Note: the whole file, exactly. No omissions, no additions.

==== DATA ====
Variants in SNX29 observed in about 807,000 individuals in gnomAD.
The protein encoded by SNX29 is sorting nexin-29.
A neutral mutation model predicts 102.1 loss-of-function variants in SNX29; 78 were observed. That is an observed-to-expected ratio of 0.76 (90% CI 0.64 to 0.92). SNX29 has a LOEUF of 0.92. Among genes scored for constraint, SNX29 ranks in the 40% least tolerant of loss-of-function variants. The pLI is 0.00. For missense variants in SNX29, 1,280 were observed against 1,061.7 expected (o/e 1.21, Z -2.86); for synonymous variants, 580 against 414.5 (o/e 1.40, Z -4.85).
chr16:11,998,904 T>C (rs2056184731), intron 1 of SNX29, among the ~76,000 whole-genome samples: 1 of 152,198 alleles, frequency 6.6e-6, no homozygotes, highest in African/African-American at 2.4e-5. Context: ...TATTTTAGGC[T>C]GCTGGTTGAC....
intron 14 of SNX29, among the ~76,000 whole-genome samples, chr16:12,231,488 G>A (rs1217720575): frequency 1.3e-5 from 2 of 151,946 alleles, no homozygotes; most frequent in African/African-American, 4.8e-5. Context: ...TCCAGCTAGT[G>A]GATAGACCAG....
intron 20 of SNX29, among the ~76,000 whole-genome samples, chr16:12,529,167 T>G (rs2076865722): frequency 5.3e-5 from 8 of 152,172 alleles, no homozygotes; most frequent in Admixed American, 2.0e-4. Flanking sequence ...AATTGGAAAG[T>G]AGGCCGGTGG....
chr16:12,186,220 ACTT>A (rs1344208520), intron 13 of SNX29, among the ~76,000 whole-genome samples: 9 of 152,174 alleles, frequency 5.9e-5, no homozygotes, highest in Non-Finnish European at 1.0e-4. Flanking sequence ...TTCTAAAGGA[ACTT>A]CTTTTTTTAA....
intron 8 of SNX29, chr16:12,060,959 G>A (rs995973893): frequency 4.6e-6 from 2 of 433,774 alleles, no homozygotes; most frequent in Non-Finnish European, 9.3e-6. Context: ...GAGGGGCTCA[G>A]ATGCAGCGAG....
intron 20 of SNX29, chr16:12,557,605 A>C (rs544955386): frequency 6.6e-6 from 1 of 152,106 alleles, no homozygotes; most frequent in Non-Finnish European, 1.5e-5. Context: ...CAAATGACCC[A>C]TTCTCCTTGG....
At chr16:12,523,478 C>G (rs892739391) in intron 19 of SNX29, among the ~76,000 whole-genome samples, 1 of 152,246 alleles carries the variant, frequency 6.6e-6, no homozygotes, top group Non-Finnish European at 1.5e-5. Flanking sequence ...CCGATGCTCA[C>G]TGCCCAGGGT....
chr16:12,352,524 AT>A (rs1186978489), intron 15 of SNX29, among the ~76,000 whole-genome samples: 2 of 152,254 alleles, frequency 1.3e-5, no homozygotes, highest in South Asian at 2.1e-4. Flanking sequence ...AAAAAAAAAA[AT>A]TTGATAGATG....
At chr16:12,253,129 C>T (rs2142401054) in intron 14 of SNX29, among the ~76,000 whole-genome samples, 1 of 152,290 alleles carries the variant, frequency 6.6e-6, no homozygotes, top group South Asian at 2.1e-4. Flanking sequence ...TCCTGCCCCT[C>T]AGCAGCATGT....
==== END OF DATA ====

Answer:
Variants in SNX29 observed in about 807,000 individuals in gnomAD.
The protein encoded by SNX29 is sorting nexin-29.
A neutral mutation model predicts 102.1 loss-of-function variants in SNX29; 78 were observed. That is an observed-to-expected ratio of 0.76 (90% CI 0.64 to 0.92). SNX29 has a LOEUF of 0.92. Among genes scored for constraint, SNX29 ranks in the 40% least tolerant of loss-of-function variants. The pLI is 0.00. For missense variants in SNX29, 1,280 were observed against 1,061.7 expected (o/e 1.21, Z -2.86); for synonymous variants, 580 against 414.5 (o/e 1.40, Z -4.85).
chr16:11,998,904 T>C (rs2056184731), intron 1 of SNX29, among the ~76,000 whole-genome samples: 1 of 152,198 alleles, frequency 6.6e-6, no homozygotes, highest in African/African-American at 2.4e-5. Context: ...TATTTTAGGC[T>C]GCTGGTTGAC....
intron 14 of SNX29, among the ~76,000 whole-genome samples, chr16:12,231,488 G>A (rs1217720575): frequency 1.3e-5 from 2 of 151,946 alleles, no homozygotes; most frequent in African/African-American, 4.8e-5. Context: ...TCCAGCTAGT[G>A]GATAGACCAG....
intron 20 of SNX29, among the ~76,000 whole-genome samples, chr16:12,529,167 T>G (rs2076865722): frequency 5.3e-5 from 8 of 152,172 alleles, no homozygotes; most frequent in Admixed American, 2.0e-4. Flanking sequence ...AATTGGAAAG[T>G]AGGCCGGTGG....
chr16:12,186,220 ACTT>A (rs1344208520), intron 13 of SNX29, among the ~76,000 whole-genome samples: 9 of 152,174 alleles, frequency 5.9e-5, no homozygotes, highest in Non-Finnish European at 1.0e-4. Flanking sequence ...TTCTAAAGGA[ACTT>A]CTTTTTTTAA....
intron 8 of SNX29, chr16:12,060,959 G>A (rs995973893): frequency 4.6e-6 from 2 of 433,774 alleles, no homozygotes; most frequent in Non-Finnish European, 9.3e-6. Context: ...GAGGGGCTCA[G>A]ATGCAGCGAG....
intron 20 of SNX29, chr16:12,557,605 A>C (rs544955386): frequency 6.6e-6 from 1 of 152,106 alleles, no homozygotes; most frequent in Non-Finnish European, 1.5e-5. Context: ...CAAATGACCC[A>C]TTCTCCTTGG....
At chr16:12,523,478 C>G (rs892739391) in intron 19 of SNX29, among the ~76,000 whole-genome samples, 1 of 152,246 alleles carries the variant, frequency 6.6e-6, no homozygotes, top group Non-Finnish European at 1.5e-5. Flanking sequence ...CCGATGCTCA[C>G]TGCCCAGGGT....
chr16:12,352,524 AT>A (rs1186978489), intron 15 of SNX29, among the ~76,000 whole-genome samples: 2 of 152,254 alleles, frequency 1.3e-5, no homozygotes, highest in South Asian at 2.1e-4. Flanking sequence ...AAAAAAAAAA[AT>A]TTGATAGATG....
At chr16:12,253,129 C>T (rs2142401054) in intron 14 of SNX29, among the ~76,000 whole-genome samples, 1 of 152,290 alleles carries the variant, frequency 6.6e-6, no homozygotes, top group South Asian at 2.1e-4. Flanking sequence ...TCCTGCCCCT[C>T]AGCAGCATGT....